There are some coaches (and some statisticians) who firmly believe that rim protection is the single most important factor in fielding a good defense, and Dembele is the only player on the team who can really provide it. Even though he’s super raw, that one skill should earn him big minutes in the middle of defensive lineups.
Aside from Dembele, the Rebels actually have a lot of options to build a good defensive frontcourt. Morgan and Jones are versatile enough to switch onto the perimeter and could even team up at the 4/5 positions if an opponent tries going small. Coupet was recruited for his defense and seems to excel at the little things. Baxter has all the potential in the world but didn’t make much of a defensive imprint at the high school level, so it could take some time for him to learn.
Choosing one defensive lineup as the best is a tricky exercise, because so much of defense is reactive and depends on the opponent. If the Rebels are playing against a team like San Diego State, which does most of its damage in the paint, Menzies would probably play a bigger lineup. If the opponent is Boise State, which spreads the floor with shooters, Menzies might prefer a smaller lineup better suited to covering ground. So there probably isn’t one right answer.
For the purpose of this exercise, let’s pretend the Rebels are set to take on an unknown opponent and Menzies’ only goal is keeping the score as low as possible. In that hypothetical scenario, I think the first two players tabbed for starting spots are Kris Clyburn and Cheickna Dembele. Clyburn is the top perimeter defender and Dembele is a quality rim protector, and having those two elements allows Menzies to fill in the lineup around them while playing to their strengths.
Here’s how I think the defensive lineup would look:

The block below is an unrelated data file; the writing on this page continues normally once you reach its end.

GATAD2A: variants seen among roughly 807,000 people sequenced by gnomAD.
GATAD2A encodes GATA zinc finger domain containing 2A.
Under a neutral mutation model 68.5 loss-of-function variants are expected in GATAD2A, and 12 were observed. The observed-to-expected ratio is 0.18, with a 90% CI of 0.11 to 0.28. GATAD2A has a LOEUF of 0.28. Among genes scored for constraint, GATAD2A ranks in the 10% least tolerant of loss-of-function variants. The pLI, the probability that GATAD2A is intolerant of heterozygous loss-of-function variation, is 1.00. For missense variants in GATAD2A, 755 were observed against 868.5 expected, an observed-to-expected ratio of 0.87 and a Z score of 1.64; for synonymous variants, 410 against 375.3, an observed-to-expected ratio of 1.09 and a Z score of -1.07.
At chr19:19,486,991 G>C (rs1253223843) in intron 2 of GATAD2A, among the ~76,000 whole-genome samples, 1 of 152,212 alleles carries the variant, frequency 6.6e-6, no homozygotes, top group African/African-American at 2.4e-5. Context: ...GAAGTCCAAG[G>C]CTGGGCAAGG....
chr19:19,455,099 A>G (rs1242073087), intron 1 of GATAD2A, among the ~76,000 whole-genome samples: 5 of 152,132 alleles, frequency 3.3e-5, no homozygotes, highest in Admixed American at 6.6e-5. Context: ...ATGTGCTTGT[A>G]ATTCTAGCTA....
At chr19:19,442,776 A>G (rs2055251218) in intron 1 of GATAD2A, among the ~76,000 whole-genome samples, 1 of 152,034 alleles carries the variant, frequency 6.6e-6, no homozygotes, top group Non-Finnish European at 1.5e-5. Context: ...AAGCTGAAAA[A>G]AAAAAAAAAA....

PG: Zion Morgan
SG: Kris Clyburn
SF: Ben Coupet
PF: Christian Jones
C: Cheickna Dembele
Yes, those are five newcomers. Jalen Poyser allowed 0.985 points per possession last season as opponents shot 43.4 percent against him (both marks ranked worst on the team), and he needs to stay out of foul trouble, so I’m not ready to cast him in a defense-first lineup. Instead, I like Zion Morgan’s potential to be a disruptive defender, and at 6-foot-4, he and the 6-foot-6 Clyburn would give the Rebels enough quickness and length to match up with any opposing perimeter combination.
And the toughest decision was going with Christian Jones over Dwayne Morgan at power forward. I like Morgan’s athleticism, but in the end I think Jones’ experience and recognition skills will make him a better fit next to Dembele. At the small forward spot, I like Coupet’s ability to do a little bit of everything. He can defend off the dribble, defend the paint, rebound, challenge shots and win loose balls, and that kind of glue guy is valuable.
This is just one option. As I said above, Menzies probably won’t roll this lineup out there against Boise State on the final possession with the Rebels up by three points. Against small-ball teams, Dembele probably goes to the bench in favor of Dwayne Morgan, and maybe the coaching staff values Uche Ofoegbu’s knowledge of the playbook over Zion Morgan’s chasedown-block athleticism. It all depends on the situation.
But I do believe UNLV has enough pieces to field good defensive units this season. Whether that translates into wins is another story.